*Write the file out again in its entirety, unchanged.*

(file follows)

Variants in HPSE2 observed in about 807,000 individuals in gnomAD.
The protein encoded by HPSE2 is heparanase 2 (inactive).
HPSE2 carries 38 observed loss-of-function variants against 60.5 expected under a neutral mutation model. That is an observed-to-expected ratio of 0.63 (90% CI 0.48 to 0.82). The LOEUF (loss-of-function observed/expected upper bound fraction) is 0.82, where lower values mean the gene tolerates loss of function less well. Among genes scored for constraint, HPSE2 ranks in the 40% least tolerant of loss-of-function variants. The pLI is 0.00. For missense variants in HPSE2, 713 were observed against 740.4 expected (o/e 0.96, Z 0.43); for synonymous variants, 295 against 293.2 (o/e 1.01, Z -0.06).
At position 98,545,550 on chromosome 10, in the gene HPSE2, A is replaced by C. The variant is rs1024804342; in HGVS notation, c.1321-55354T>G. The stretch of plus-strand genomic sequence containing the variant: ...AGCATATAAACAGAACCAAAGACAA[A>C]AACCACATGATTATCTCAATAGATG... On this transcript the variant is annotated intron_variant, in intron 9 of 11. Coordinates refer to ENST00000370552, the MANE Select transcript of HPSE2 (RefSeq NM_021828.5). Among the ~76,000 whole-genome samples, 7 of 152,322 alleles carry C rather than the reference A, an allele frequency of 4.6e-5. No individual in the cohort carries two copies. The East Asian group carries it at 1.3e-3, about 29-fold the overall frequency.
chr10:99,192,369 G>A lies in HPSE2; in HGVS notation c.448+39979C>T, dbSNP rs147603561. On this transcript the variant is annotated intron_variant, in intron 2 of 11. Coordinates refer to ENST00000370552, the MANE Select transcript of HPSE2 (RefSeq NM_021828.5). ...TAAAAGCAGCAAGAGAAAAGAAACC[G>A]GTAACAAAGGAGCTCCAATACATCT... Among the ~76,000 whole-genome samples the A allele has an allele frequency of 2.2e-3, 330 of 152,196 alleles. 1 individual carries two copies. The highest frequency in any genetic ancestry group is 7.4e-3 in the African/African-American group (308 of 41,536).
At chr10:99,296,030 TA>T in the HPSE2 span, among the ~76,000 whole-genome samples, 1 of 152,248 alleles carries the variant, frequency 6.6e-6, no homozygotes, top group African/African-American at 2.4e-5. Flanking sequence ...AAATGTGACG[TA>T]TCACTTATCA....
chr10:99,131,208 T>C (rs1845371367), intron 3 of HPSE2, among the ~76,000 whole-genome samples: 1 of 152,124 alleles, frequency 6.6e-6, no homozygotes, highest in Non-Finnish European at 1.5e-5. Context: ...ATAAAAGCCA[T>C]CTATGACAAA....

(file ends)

Variants in HPSE2 observed in about 807,000 individuals in gnomAD.
The protein encoded by HPSE2 is heparanase 2 (inactive).
HPSE2 carries 38 observed loss-of-function variants against 60.5 expected under a neutral mutation model. That is an observed-to-expected ratio of 0.63 (90% CI 0.48 to 0.82). The LOEUF (loss-of-function observed/expected upper bound fraction) is 0.82, where lower values mean the gene tolerates loss of function less well. Among genes scored for constraint, HPSE2 ranks in the 40% least tolerant of loss-of-function variants. The pLI is 0.00. For missense variants in HPSE2, 713 were observed against 740.4 expected (o/e 0.96, Z 0.43); for synonymous variants, 295 against 293.2 (o/e 1.01, Z -0.06).
At position 98,545,550 on chromosome 10, in the gene HPSE2, A is replaced by C. The variant is rs1024804342; in HGVS notation, c.1321-55354T>G. The stretch of plus-strand genomic sequence containing the variant: ...AGCATATAAACAGAACCAAAGACAA[A>C]AACCACATGATTATCTCAATAGATG... On this transcript the variant is annotated intron_variant, in intron 9 of 11. Coordinates refer to ENST00000370552, the MANE Select transcript of HPSE2 (RefSeq NM_021828.5). Among the ~76,000 whole-genome samples, 7 of 152,322 alleles carry C rather than the reference A, an allele frequency of 4.6e-5. No individual in the cohort carries two copies. The East Asian group carries it at 1.3e-3, about 29-fold the overall frequency.
chr10:99,192,369 G>A lies in HPSE2; in HGVS notation c.448+39979C>T, dbSNP rs147603561. On this transcript the variant is annotated intron_variant, in intron 2 of 11. Coordinates refer to ENST00000370552, the MANE Select transcript of HPSE2 (RefSeq NM_021828.5). ...TAAAAGCAGCAAGAGAAAAGAAACC[G>A]GTAACAAAGGAGCTCCAATACATCT... Among the ~76,000 whole-genome samples the A allele has an allele frequency of 2.2e-3, 330 of 152,196 alleles. 1 individual carries two copies. The highest frequency in any genetic ancestry group is 7.4e-3 in the African/African-American group (308 of 41,536).
At chr10:99,296,030 TA>T in the HPSE2 span, among the ~76,000 whole-genome samples, 1 of 152,248 alleles carries the variant, frequency 6.6e-6, no homozygotes, top group African/African-American at 2.4e-5. Flanking sequence ...AAATGTGACG[TA>T]TCACTTATCA....
chr10:99,131,208 T>C (rs1845371367), intron 3 of HPSE2, among the ~76,000 whole-genome samples: 1 of 152,124 alleles, frequency 6.6e-6, no homozygotes, highest in Non-Finnish European at 1.5e-5. Context: ...ATAAAAGCCA[T>C]CTATGACAAA....